The MOPPET trial on the other hand screened all their patients at 48 hours, 6 months, and 28 months irrespective of whether or not they presented with appropriate symptoms. The definition of pulmonary hypertension was a dichotomous cutoff of a systolic pulmonary blood pressure greater than 40mm Hg as estimated on cardiac echo. This is a perfect example of a disease-oriented outcome and unfortunately since the authors do not tell us if any of the patients were symptomatic, we are unable to determine if it is a clinically relevant outcome. If you examine the 18 individuals diagnosed with chronic thromboembolic pulmonary hypertension in the Pengo trial, the median systolic pulmonary blood pressure was 67.5 and the mean was 71.5(4). Far higher than the 40 mm Hg cutoff the authors of the MOFFET trial used for their definition of pulmonary hypertension. More importantly all 18 of the patients in the Pengo trial were class II or III on the NYHA disability scale, meaning they were all symptomatic.

 In fact as a tool for the diagnosis of pulmonary hypertension, echocardiography proves to be somewhat problematic. The diagnostic accuracy of echocardiography in identifying patients suffering from pulmonary hypertension is questionable. When compared to the gold standard of catheterization the sensitivity and specificity is 83% and 72% respectively (8). Cleary it is not specific enough to be used as the sole criteria to diagnose pulmonary hypertension. When used alone, it will have a false positive rate of close to 30%. Furthermore when used as a screening tool in a population who is asymptomatic it will surely identify more false positives than true positives.

 Clearly the discrepancies in the MOPPET trial are a result of workup bias and a disease-oriented outcome that is a poor surrogate for the important clinical outcome of true heart failure. It seems that when patients with submassive pulmonary embolisms are given thrombolytics they will have a lower pulmonary pressure as estimated by echo. Whether this is clinically important is unknown.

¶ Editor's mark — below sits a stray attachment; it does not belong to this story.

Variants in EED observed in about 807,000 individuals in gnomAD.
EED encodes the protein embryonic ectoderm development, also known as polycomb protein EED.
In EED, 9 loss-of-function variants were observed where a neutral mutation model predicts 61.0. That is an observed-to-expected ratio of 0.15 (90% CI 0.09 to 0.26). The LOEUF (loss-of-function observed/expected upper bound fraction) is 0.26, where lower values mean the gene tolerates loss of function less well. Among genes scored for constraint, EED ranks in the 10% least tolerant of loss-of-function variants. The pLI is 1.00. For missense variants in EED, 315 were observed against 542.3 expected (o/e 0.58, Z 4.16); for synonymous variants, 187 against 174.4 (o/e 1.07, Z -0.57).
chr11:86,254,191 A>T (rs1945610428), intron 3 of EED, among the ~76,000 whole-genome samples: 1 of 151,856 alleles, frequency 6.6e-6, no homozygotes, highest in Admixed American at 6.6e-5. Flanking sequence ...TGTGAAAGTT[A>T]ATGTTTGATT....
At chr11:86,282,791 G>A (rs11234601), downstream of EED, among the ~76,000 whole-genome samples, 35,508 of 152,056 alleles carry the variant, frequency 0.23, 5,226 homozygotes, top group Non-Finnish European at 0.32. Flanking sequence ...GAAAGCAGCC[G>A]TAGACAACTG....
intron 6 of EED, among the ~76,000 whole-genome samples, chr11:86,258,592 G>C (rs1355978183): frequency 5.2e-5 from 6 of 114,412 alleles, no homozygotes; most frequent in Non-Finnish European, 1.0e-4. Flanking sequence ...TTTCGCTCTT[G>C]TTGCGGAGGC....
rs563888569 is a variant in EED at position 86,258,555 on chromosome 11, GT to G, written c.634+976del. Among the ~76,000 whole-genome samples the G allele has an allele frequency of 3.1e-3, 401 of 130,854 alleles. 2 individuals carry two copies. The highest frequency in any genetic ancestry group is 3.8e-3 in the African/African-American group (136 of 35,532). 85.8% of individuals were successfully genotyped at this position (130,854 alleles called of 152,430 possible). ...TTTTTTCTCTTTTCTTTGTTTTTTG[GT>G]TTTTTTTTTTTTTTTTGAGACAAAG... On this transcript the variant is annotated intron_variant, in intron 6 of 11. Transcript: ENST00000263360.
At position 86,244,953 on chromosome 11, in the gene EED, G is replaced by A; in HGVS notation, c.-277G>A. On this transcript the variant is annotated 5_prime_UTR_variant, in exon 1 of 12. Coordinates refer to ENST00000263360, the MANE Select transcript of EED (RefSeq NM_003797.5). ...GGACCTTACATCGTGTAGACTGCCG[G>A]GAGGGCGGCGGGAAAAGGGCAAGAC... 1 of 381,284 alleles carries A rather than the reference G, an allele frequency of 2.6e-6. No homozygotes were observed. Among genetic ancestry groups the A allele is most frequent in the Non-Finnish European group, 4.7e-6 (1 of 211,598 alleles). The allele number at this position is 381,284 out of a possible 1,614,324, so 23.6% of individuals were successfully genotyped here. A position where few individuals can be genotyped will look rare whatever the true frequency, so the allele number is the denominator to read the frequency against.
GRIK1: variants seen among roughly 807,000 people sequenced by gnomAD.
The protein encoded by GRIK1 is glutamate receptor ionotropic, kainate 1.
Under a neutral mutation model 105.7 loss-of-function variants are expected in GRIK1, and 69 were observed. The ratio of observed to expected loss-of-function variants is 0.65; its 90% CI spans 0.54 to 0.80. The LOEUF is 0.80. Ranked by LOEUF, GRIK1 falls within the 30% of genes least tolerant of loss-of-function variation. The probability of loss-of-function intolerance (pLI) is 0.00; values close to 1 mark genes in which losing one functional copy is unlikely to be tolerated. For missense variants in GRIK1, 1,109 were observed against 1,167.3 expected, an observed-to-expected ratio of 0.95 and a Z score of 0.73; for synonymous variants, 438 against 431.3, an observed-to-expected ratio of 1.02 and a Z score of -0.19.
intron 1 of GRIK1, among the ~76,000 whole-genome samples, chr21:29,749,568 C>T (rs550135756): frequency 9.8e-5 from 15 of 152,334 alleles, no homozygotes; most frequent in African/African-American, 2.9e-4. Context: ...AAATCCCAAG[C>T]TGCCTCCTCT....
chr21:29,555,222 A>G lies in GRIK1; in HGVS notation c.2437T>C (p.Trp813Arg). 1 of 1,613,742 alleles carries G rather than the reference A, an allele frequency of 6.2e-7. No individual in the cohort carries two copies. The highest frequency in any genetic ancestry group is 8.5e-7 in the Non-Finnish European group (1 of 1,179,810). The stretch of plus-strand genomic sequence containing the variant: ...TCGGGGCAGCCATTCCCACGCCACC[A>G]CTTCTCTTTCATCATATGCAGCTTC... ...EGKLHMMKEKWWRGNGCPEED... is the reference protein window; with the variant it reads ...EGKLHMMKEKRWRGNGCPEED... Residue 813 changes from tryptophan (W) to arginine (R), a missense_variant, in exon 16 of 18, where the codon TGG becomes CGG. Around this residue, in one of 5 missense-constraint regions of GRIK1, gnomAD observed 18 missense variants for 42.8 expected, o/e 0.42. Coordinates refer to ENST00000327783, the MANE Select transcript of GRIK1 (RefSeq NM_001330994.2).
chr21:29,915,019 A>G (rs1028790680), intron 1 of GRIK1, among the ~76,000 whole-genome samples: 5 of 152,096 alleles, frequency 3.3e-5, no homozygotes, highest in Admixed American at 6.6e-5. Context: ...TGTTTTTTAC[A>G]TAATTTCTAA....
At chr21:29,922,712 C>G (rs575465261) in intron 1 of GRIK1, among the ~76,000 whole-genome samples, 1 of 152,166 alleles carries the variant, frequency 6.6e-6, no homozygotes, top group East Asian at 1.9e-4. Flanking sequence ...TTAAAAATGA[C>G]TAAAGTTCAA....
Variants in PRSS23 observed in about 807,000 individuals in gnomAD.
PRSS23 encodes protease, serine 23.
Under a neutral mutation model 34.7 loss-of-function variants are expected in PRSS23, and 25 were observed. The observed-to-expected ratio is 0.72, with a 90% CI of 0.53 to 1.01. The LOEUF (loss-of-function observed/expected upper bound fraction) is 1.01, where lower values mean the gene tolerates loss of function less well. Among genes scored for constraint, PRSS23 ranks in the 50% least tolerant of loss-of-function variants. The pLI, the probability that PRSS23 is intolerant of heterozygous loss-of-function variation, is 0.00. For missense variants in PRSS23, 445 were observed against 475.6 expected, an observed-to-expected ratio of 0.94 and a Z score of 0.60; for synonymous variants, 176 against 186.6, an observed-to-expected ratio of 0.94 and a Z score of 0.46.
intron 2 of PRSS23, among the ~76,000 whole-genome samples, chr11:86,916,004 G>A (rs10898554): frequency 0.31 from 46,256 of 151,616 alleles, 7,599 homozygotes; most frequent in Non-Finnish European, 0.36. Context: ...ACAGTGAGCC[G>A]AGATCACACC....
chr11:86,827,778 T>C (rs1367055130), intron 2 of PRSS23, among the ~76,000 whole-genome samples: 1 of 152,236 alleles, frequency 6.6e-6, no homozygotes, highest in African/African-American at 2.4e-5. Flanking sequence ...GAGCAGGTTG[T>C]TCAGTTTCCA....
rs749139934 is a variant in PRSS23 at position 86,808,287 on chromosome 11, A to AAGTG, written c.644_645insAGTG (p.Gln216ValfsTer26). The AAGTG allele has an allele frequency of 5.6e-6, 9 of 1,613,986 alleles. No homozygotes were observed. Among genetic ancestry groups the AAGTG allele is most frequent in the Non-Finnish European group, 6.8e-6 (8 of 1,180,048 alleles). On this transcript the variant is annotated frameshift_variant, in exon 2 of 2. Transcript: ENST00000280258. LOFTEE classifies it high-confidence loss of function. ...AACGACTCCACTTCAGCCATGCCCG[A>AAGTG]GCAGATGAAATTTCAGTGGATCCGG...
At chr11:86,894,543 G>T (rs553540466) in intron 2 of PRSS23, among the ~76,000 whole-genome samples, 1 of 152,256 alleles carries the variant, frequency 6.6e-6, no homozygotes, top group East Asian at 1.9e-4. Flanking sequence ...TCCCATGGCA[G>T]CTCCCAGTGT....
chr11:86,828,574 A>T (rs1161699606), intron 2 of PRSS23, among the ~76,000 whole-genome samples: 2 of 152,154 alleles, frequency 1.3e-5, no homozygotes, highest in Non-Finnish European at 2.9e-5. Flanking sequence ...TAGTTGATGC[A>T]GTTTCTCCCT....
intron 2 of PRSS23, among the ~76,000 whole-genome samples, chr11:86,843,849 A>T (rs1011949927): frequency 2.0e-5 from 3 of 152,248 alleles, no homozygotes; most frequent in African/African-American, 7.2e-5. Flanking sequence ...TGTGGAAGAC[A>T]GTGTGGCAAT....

Unfortunately the MOPPET trial is unable to answer the question as to whether thrombolytics provide benefit to long-term outcomes in pulmonary embolism. Dr. Jeff Kline’s TOPCOAT study may provide us with more guidance in this direction (9). What is certain from the PEITHO trial is that thrombolytics provide very little benefit in the acute arena we work in every day and with the 2% absolute risk of ICH the potential benefit downstream would have to be quite significant to justify their use at all.

Sources Cited:

  1. Pulmonary Embolism Thrombolysis Study PEITHO [PDF]
  2. Pollack CV, Schreiber D, Goldhaber SZ, Slattery D, Fanikos J, O’Neil BJ, Thompson JR, Hiestand B, Briese BA, Pendleton RC, Miller CD, Kline JA. Clinical characteristics, management, and outcomes of patients diagnosed with acute pulmonary embolism in the emergency department: initial report of EMPEROR (Multicenter Emergency Medicine Pulmonary Embolism in the Real World Registry). J Am Coll Cardiol. 2011 Feb 8;57(6):700-6.
  3. Sharifi M, Bay C, Skrocki L, Rahimi F, Mehdipour M; “MOPETT” Investigators. Moderate pulmonary embolism treated with thrombolysis (from the “MOPETT” Trial). Am J Cardiol. 2013 Jan 15;111(2):273-7. doi: 10.1016/j.amjcard.2012.09.027. Epub 2012 Oct 24.
  4. Vittorio Pengo, M.D., Anthonie W.A. Lensing, M.D., Martin H. Prins, M.D., Antonio Marchiori, M.D., Bruce L. Davidson, M.D., M.P.H., Francesca Tiozzo, M.D., Paolo Albanese, M.D., Alessandra Biasiolo, D.Sci., Cinzia Pegoraro, M.D., Sabino Iliceto, M.D., and Paolo Prandoni, M.D. for the Thromboembolic Pulmonary Hypertension Study Group. Incidence of Chronic Thromboembolic Pulmonary Hypertension after Pulmonary Embolism. N Engl J Med 2004; 350:2257-2264
  5. Kline JA, Steuerwald MT, Marchick MR, Hernandez-Nino J, Rose GA. Prospective evaluation of right ventricular function and functional status 6 months after acute submassive pulmonary embolism: frequency of persistent or subsequent elevation in estimated pulmonary artery pressure. Chest. 2009; 136: 1202–1210.
  6. Becattini C, Agnelli G, Pesavento R, et al. Incidence of chronic thromboembolic pulmonary hypertension after a first episode of pulmonary embolism. Chest 2006;130(1):172-175.
  7. B. Tardya, C. Veneta,  F. Zenia, M. Coudrota,  S. Guyomarc’ha, P. Mismettib. Short term effect of recombinant tissue plasminogen activator in patients with hemodynamically stable acute pulmonary embolism: Results of a meta-analysis involving 464 patients. Thrombosis Research. Volume 124, Issue 6, December 2009, Pages 672–677
  8. Janda S, Shahidi N, Gin K, Swiston J. Diagnostic accuracy of echocardiography for pulmonary hypertension: a systematic review and meta-analysis. Heart. 2011 Jul;97(13):1112.
  9. Clot Dissolving Treatment for Blood Clots in the Lungs

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Comments

  1. Bill Soares says

    Excellent summary of recent thoughts on submassive PE. Really enjoyed it.

    Bill Soares, MD
    Research Fellow, Emergency Medicine
    Baystate Medical Center

    • says

      Thanks Bill,
      I appreciate your support! Your post is quite fortuitous, as I actually have some questions about your fellowship. Any chance I could email you directly?

      Thanks again for the support!